The Department of Health has just written to GP’s to encourage them to stop being so mean when it comes to providing blood glucose testing strips to people living with type 1 diabetes. Part of the reasoning for sending the letter relates to guidance from the UK Driving and Vehicle Licensing Agency for patients which states that, “you must always carry your glucose meter and blood glucose strips with you,” and “you must check your blood glucose before the first journey and every two hours.”
The ability to multitask and drive at the same time is about to change. Although huge amounts of time, effort, and cash continue to be spent on developing the uses for smart mobile phones, using a hand held phone whilst driving has been illegal in the UK since 2003. No surprises therefore that, according to recent BBC news reports, the car is the third fastest growing technological device after the smartphone and tablet computer and by 2014 every new car will be connected to the web. Apparently selling points for new motor vehicles will include access to the iTunes store and other forms of “infotainment,” as well as integrated windscreen direction and parking space finders. You will also be able to find the location of the nearest petrol station, compare fuel prices, and find out how long it will take before the traffic light changes from red.
Given the amount of time we spend driving, the car could also become a mobile medical clinic by integrating a driver’s physiology into the mechanical workings of the vehicle. There might be opportunities for real time heart rate and blood pressure monitoring as well as being able to alter in-vehicle oxygen for individuals with lung problems. In my own speciality of diabetes there is already work underway to link glucose monitoring systems to the ignition—the car could be modified so as not to start if a glucose level is below ideal. Furthermore, already available continuous glucose monitoring systems could predict the potential for hypoglycaemia during a car journey, alert the driver by auditory, visual, or tactile alarms and switch on the satellite navigation system to direct the driver to the nearest source of carbohydrate. Another simple option would be in-car alcohol monitoring for individuals convicted previously of driving under the influence of alcohol. In-car recording of high breath or sweat alcohol levels could prevent driving altogether.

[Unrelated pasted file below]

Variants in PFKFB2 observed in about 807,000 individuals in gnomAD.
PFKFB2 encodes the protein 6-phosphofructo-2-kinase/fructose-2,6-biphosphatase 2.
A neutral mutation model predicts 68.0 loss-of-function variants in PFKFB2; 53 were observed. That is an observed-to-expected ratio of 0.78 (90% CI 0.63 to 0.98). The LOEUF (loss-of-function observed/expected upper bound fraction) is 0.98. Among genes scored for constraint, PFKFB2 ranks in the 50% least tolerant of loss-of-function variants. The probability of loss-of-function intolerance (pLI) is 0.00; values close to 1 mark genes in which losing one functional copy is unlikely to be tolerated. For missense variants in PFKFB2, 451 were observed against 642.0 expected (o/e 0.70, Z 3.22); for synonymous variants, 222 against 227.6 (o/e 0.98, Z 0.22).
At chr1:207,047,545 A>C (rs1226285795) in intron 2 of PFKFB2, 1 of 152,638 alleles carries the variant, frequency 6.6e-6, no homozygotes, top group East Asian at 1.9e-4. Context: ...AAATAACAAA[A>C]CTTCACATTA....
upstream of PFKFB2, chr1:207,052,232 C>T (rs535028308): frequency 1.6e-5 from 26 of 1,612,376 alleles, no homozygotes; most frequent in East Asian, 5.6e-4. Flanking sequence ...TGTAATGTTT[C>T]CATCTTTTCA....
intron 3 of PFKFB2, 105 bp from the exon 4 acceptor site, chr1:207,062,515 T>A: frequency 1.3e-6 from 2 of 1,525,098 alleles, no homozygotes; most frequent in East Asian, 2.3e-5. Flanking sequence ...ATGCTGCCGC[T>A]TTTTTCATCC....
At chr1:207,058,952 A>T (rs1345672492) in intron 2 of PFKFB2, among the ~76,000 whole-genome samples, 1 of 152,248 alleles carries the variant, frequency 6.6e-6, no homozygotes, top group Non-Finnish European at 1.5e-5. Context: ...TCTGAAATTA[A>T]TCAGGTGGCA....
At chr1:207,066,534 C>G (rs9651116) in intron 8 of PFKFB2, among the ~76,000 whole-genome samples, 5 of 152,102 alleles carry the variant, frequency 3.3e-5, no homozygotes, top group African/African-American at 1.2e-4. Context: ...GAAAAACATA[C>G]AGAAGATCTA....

The downside of adding these advanced technological features to a car is the potential for distraction. According to John Ellis, global technologist for connected services and solutions at Ford, “the danger is safety—you could get caught up in your experience and forget that you’re driving.” Another negative aspect would be the opportunity for insurers to collect detailed medical information through monitoring systems perhaps leading to higher premiums? The other major worry is security—being connected to the internet would allow hackers access to your car although manufacturers are claiming that it is possible to separate the internet based features and apps from the important vehicle controlling features. One less-than-reassuring response from the car industry to safety concerns is the idea that if an accident does occur a “mandatory sensor” will call the emergency services to the scene. It is also still unclear whether your new car will come in both Apple and Android versions.
David Kerr wears many hats, sometimes at the same time—diabetologist, editor of Diabetes Digest, researcher, and founder of VoyageMD.com, a free service for travellers with diabetes. You can follow him on Twiitter (@GoDiabetesMD) and Linkedin. He holds a small amount of stock in CellNovo (a new insulin pump company) and Axon Telehealth.